The Robert Wood Johnson Foundation has awarded a $50,000, year-long grant to Bethany (bee) Coston, Ph.D., assistant professor of Gender, Sexuality, and Women’s Studies at VCU.
The grant is funded through the foundation’s New Connections project, a career development program designed to support research on health equity by scholars from diverse, historically disadvantaged or underrepresented backgrounds.
Dr. Coston’s research focuses on bisexual and non-monosexual women at the intersections of other marginalized identities, their experiences of intimate partner, dating, and sexual violence, and their access to culturally competent health care. They identify as a non-binary, queer, and bisexual, and say that their interest in health equity is informed by their experiences as a member of those marginalized communities.
“When you experience inequality in your life, whether it be based on your age, your race/ethnicity, your income, your sexual orientation, you probably want to know more about why. Why is this happening? Where does it come from? What can I do about it? How can I make it so that the people in my community thrive? Not just survive day-to-day, but really flourish and have the best life possible?” said Coston.
Compared to both lesbian and heterosexual women, bisexual women experience significantly higher rates of rape, physical violence, and/or stalking by intimate partners. According to a 2010 national survey by the Centers for Disease Control and prevention (CDC), and analyzed by Dr. Coston, 83 percent of bisexual women and 78 percent of non-monosexual women experience violence at the hands of an intimate or dating partner in their lifetime, compared to 55 percent of heterosexual women and 67 percent of lesbian women.
Coston is interested in studying why bisexual and non monosexual women experience disproportionately higher rates of intimate partner and sexual violence, what resources they use and what resources they are denied after victimization.
“We know that the rates of health consequences [among bisexual women] are higher, rates of violence are higher, but actually, healthcare seeking is lower,” said Coston.
To try and explain why bisexual survivors don’t always seek healthcare services after experiencing violence, Coston is further analyzing the 2010 CDC data–along with it’s 2011 updated collection–to study the barriers that exist to healthcare utilization for bisexual and non monosexual women. They plan to use a social-ecological model to study these disparities, which considers the various intersecting identities such as age, race, nativity, immigration status, education level, and income, that affect the likelihood that a bisexual woman will access health care. A specific focus will be on the differing experiences with traditional, institutionalized health care providers–such as emergency room doctors and psychiatrists–and community-based organizations, that may or may not be explicitly medically trained, but often have expertise in LGBTQ+ specific needs.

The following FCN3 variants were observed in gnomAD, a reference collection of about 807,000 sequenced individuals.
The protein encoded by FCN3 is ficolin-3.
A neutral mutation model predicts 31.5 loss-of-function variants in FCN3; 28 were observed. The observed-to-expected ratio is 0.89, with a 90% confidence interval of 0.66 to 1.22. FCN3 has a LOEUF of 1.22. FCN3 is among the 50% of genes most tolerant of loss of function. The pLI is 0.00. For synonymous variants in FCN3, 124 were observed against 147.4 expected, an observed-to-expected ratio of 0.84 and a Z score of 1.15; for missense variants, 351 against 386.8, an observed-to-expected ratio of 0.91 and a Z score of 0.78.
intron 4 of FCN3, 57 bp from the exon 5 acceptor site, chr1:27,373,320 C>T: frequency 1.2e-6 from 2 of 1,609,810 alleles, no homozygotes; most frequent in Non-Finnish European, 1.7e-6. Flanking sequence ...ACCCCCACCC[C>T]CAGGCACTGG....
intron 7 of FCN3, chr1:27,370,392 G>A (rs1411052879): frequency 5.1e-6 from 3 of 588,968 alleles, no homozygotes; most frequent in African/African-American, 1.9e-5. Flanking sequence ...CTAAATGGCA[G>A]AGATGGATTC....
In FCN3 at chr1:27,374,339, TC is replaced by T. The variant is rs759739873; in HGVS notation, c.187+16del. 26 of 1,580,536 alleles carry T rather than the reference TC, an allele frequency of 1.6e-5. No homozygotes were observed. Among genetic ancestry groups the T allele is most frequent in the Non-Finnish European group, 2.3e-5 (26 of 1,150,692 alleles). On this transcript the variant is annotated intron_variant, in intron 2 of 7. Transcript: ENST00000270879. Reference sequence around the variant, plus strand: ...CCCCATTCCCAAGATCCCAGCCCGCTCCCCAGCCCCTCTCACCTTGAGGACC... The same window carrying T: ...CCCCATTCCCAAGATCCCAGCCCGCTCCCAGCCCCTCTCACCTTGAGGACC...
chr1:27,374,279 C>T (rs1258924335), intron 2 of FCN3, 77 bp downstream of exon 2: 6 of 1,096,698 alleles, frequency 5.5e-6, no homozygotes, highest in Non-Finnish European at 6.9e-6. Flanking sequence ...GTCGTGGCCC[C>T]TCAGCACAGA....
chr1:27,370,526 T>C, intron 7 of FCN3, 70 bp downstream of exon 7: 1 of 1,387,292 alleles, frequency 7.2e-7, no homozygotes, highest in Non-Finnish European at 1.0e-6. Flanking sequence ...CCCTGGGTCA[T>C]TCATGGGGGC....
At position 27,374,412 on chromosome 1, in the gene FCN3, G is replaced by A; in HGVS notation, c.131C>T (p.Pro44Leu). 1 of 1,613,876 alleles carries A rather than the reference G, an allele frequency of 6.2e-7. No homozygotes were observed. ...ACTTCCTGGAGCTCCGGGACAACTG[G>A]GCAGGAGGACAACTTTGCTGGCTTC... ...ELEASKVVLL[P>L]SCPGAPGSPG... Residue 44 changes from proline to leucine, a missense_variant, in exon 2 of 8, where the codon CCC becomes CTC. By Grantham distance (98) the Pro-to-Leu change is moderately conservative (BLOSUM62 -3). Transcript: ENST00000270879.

“I think it’s important to highlight where inequalities exist, where we can get better, and a large part of that, I think, is in partnering with, or increasing funding to, these local organizations that already know how to do it,” Coston said.
Hopefully, Coston says, this research will help inform policymakers in their efforts to support survivors, regardless of how they identify.
“I want to make the world a place where there is no violence; but in the meantime, I want to make sure everyone has equitable access to healthcare that is rooted in anti-oppression frameworks, so that survivors don’t have to suffer the negative physical and mental health outcomes of victimization or the revictimization that often occurs when seeking help,” Coston said.
Written by Megan Schiffres